William F. Deeck


  GEORGETTE HEYER – A Blunt Instrument. E. P. Dutton, hardcover reprint, 1970. First UK edition: Hodder & Stoughton, hardcover, 1938. First US edition: Doubleday, hardcover, 1938. Also: Bantam, paperback, 1973; Berkley, paperback, 1987.

   Police Constable Glass, following his appointed rounds, discovers the bludgeoned body of Ernest Fletcher in his study. Fletcher was not a well-loved man, but his only major fault appears to have been womanizing.

   Superintendent Hannasyde and Sergeant Hemingway begin an investigation. No weapon is found on the scene, a woman’s footprints are in the garden, and apparently Fletcher had had a busy evening with people both known and unknown visiting him. After comparing the stories of the various participants, Hannasyde and Hemingway nearly conclude that Fletcher, despite the reality of his corpse, could not have been killed. There just wasn’t time for it.


   To add to their problems, P.C. G!ass, who aids in the investigation, is an inveterate quoter of the Bible, usually from the Old Testament and mostly of the unhappier sort.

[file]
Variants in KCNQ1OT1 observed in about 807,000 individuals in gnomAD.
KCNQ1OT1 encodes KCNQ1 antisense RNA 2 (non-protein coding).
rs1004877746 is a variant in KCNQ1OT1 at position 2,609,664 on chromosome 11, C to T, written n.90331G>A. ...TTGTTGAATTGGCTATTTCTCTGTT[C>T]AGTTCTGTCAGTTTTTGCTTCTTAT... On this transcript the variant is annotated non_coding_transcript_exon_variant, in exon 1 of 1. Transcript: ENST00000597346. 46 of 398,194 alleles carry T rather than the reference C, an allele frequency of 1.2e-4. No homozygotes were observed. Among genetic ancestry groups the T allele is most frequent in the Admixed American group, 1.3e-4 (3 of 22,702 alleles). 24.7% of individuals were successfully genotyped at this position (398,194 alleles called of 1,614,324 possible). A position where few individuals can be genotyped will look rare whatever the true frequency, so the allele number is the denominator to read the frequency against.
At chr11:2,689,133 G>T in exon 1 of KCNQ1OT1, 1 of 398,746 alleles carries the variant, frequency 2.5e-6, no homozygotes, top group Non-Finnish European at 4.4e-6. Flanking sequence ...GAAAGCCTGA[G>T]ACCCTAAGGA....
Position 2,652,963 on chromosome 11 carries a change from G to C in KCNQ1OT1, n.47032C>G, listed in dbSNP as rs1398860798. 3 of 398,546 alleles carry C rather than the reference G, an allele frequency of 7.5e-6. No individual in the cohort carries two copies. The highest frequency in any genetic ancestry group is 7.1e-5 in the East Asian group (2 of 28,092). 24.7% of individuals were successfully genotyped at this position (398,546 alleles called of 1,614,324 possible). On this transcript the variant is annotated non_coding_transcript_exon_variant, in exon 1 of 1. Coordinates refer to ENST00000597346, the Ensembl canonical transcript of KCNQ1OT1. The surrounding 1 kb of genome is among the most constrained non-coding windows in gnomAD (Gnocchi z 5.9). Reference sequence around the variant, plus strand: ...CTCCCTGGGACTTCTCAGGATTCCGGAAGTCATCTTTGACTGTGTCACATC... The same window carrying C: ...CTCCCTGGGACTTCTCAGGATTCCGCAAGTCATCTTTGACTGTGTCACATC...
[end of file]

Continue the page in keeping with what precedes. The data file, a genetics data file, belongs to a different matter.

Who, how, and why do manage to get sorted out. The who and how I had, most uncommon for me, figured out; the why is not explained until the end. If Heyer didn’t fool me, she probably won’t fool anyone else, either.

   But don’t let that stop you from reading this one. It’s a good investigation, and there are some quite amusing characters in the monocled young lady mystery writer and Fletcher’s nephew, Neville, who would like to be thought of as a ne’er-do-well. Plus, Hannasyde and Hemingway are engaging investigators.

— From The MYSTERY FANcier, Vol. 10, No. 1, Winter 1988.

       The Supt. Hannasyde & Sgt. Hemingway series —

Death in the Stocks, Hodder, 1935
Behold, Here’s Poison!, Hodder, 1936
They Found Him Dead, Hodder, 1937
A Blunt Instrument, Hodder, 1938


       The Inspector Hemingway series

No Wind of Blame. Hodder 1939
Envious Casca. Hodder 1941
Duplicate Death. Heinemann 1951

   For more on Georgette Heyer and her detective fiction, the best place to start would be her page on the Golden Age of Detection Wiki here.